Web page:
The Financial Markets Law Committee publicized a report titled ‘Issue 79 ‘ Pari Passu Clauses : Analysis of the role, use and meaning of pari passu clauses in sovereign debt obligations as a matter of English Law’ . The report provides fundamental definitions of the clause which, in effect, is considered to be a standard feature in cross-border unsecured debt obligations found in both loan agreements and securities issues. In a loan agreement pari passu frequently entails that ‘the payment obligations of the borrower under this Agreement rank at least pari passu with all its other present and future obligations’ . On the other hand, in international securities issue, pari passu is most commonly used in the sense of ‘status’ or ‘ranking’ and it provides that ‘the bonds and the coupons are direct, unconditional and unsecured obligations of the issuer and rank, and will rank at least pari passu , without any preference among themselves, with all other outstanding, unsecured and unsubordinated obligations of the issuer, present and future’ . Quintessentially it is a standard clause which is established in international syndicated bank loans as well as bond issues.

Although the basic form of the clause is standard, its rationale varies according to whether the issuer is a corporate or a sovereign borrower. To begin with, in the case of a corporate borrower, the main consideration is the position of the bondholders upon the liquidation of the company upon insolvency. In such an event, the bondholder ought to be placed in an equal position along with all the other holders of unsecured debt which was issued by the corporate issuer. The effectiveness of the clause is feasible only if it ensures that, on insolvency, the assets of the company will be distributed evenly amongst all unsecured lenders.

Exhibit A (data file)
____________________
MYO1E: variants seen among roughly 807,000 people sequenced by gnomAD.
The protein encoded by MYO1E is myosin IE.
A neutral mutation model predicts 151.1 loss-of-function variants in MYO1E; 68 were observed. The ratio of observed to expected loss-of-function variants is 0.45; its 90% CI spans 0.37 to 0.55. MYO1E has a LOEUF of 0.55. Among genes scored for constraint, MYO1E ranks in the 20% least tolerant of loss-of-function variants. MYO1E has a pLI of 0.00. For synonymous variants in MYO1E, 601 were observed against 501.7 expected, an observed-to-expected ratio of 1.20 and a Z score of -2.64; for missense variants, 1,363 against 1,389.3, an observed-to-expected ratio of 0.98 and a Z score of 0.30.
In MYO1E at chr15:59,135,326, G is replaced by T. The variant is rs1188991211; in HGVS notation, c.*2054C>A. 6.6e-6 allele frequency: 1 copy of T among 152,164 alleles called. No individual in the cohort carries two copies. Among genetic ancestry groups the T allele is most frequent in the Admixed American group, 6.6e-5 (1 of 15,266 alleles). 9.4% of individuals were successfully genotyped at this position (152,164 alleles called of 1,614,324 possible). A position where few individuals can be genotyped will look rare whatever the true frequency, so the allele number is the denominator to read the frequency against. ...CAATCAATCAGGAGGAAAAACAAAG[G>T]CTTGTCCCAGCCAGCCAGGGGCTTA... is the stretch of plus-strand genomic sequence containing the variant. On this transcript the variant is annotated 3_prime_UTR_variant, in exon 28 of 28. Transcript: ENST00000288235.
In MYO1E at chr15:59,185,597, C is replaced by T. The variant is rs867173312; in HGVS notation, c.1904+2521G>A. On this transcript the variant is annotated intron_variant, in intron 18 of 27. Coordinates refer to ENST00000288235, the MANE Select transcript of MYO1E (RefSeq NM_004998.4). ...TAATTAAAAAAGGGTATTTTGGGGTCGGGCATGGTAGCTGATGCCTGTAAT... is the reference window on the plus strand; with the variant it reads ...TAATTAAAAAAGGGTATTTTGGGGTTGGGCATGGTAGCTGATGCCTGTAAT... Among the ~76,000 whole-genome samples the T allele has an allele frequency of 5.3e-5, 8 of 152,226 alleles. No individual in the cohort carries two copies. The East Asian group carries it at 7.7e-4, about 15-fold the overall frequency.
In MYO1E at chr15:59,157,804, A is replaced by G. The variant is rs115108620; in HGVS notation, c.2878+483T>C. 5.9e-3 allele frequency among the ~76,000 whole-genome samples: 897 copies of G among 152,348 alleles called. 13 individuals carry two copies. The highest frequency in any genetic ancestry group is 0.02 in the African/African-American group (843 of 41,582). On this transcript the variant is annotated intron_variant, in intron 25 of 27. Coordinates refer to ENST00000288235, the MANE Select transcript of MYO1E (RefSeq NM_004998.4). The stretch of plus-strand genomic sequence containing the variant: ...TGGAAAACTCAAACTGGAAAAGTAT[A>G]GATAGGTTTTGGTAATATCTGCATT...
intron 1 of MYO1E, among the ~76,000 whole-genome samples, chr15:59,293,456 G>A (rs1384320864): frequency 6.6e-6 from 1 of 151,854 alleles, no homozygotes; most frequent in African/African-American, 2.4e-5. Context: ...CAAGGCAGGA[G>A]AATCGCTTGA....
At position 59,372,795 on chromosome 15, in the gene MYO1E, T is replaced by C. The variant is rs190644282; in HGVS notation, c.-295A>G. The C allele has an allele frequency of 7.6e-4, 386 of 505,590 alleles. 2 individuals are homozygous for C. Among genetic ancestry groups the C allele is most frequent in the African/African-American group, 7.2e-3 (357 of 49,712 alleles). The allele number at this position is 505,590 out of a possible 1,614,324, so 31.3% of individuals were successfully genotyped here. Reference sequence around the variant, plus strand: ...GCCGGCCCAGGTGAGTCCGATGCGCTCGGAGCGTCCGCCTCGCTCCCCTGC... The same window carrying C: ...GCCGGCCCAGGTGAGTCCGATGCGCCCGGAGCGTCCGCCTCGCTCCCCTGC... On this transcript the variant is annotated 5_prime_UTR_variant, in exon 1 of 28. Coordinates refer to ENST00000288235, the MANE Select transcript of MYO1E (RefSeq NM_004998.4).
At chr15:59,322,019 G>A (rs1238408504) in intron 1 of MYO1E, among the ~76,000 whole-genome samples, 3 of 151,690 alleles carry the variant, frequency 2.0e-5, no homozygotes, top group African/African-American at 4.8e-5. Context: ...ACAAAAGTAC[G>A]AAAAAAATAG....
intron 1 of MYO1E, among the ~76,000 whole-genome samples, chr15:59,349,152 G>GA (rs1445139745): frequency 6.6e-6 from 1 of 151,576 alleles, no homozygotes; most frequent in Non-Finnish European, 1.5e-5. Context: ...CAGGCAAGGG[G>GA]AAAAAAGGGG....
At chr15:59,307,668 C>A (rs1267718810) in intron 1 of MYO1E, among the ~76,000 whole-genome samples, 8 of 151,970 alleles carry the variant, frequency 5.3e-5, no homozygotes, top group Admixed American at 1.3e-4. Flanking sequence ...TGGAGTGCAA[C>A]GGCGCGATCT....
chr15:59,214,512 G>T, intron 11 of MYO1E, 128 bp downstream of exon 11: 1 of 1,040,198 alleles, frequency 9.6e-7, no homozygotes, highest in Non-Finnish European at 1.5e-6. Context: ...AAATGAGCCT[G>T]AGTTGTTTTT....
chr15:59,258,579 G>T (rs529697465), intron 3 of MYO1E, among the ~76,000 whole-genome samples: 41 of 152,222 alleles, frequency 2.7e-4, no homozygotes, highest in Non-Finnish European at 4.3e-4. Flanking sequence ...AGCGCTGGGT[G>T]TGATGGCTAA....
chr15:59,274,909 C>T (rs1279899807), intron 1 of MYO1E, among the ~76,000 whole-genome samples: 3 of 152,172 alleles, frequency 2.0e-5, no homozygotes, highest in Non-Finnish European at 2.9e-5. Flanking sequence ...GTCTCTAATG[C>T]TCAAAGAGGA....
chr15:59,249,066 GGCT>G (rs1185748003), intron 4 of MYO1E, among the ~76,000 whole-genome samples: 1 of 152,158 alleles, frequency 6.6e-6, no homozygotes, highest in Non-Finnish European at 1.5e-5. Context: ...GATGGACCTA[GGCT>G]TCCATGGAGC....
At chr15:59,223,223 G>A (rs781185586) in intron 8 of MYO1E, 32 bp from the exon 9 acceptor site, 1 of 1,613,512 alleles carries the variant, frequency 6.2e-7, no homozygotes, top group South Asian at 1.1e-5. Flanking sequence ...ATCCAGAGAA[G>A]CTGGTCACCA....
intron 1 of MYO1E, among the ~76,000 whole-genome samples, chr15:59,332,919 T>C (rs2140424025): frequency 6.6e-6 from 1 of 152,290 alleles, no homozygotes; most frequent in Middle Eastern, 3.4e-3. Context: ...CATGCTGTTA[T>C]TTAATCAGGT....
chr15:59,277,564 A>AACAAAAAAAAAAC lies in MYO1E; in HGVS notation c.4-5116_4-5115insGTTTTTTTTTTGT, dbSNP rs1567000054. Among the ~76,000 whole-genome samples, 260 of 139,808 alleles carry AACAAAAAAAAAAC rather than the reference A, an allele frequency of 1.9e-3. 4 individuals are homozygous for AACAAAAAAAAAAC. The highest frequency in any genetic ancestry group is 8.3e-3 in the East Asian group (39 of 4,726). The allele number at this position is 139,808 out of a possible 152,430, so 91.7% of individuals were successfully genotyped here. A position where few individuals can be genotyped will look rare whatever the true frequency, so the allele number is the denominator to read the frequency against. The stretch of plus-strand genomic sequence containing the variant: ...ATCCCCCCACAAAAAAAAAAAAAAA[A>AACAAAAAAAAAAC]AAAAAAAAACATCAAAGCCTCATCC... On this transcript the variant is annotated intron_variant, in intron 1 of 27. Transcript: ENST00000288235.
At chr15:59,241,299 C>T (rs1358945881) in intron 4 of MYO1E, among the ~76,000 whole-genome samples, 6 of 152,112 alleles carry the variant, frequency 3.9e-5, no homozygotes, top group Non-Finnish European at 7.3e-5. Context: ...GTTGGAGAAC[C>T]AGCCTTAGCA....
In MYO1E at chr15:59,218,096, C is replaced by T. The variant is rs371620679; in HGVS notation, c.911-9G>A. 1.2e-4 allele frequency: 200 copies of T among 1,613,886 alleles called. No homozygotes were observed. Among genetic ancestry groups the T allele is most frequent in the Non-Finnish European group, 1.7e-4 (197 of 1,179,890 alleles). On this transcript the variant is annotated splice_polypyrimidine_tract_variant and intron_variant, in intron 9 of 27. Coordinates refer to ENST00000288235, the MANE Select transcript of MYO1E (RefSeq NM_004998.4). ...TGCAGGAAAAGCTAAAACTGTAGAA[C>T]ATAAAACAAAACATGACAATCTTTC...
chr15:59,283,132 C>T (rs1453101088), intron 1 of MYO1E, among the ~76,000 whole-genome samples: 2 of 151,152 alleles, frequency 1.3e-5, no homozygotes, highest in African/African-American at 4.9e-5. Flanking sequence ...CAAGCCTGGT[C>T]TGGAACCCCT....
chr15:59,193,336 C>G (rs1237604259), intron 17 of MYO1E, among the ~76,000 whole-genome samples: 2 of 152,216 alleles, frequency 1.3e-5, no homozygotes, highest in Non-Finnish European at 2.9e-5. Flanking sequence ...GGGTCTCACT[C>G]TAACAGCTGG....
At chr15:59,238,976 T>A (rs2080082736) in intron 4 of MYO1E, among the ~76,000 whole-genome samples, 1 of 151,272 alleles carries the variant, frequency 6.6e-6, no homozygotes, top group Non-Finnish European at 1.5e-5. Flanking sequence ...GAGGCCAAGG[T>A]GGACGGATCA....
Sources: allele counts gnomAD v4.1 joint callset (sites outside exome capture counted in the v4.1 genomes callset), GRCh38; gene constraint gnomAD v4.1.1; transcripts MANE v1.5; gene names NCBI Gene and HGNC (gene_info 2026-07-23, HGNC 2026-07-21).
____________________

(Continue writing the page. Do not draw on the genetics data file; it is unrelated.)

Notwithstanding the reasoning behind its use, the total effectiveness of the clause is debatable. The FMLC , via their report , introduce a number of situations that come into play, out of which the first and foremost is the fact that most jurisdictions have their own rules as far as the priority of payment of debts in a corporate liquidation is concerned. In essence, these rules take priority over the terms of the bond provisions. As pointed out in the Report , in many jurisdictions, outstanding taxes and wages which are owed to the employees of the company take priority over all other unsecured debts proviso the company is exterminated.

On that note, some jurisdictions give priority to depositors with banks or other financial institutions, as well as to the holders of insurance policies provided that the company’s failure led to its bankruptcy. Moreover, in some jurisdictions their rules may provide that unsecured debt ranks as a measure of payment in the event of corporate liquidation in a chronologically ascending order, bearing in mind that precedence is given to the ones created earlier.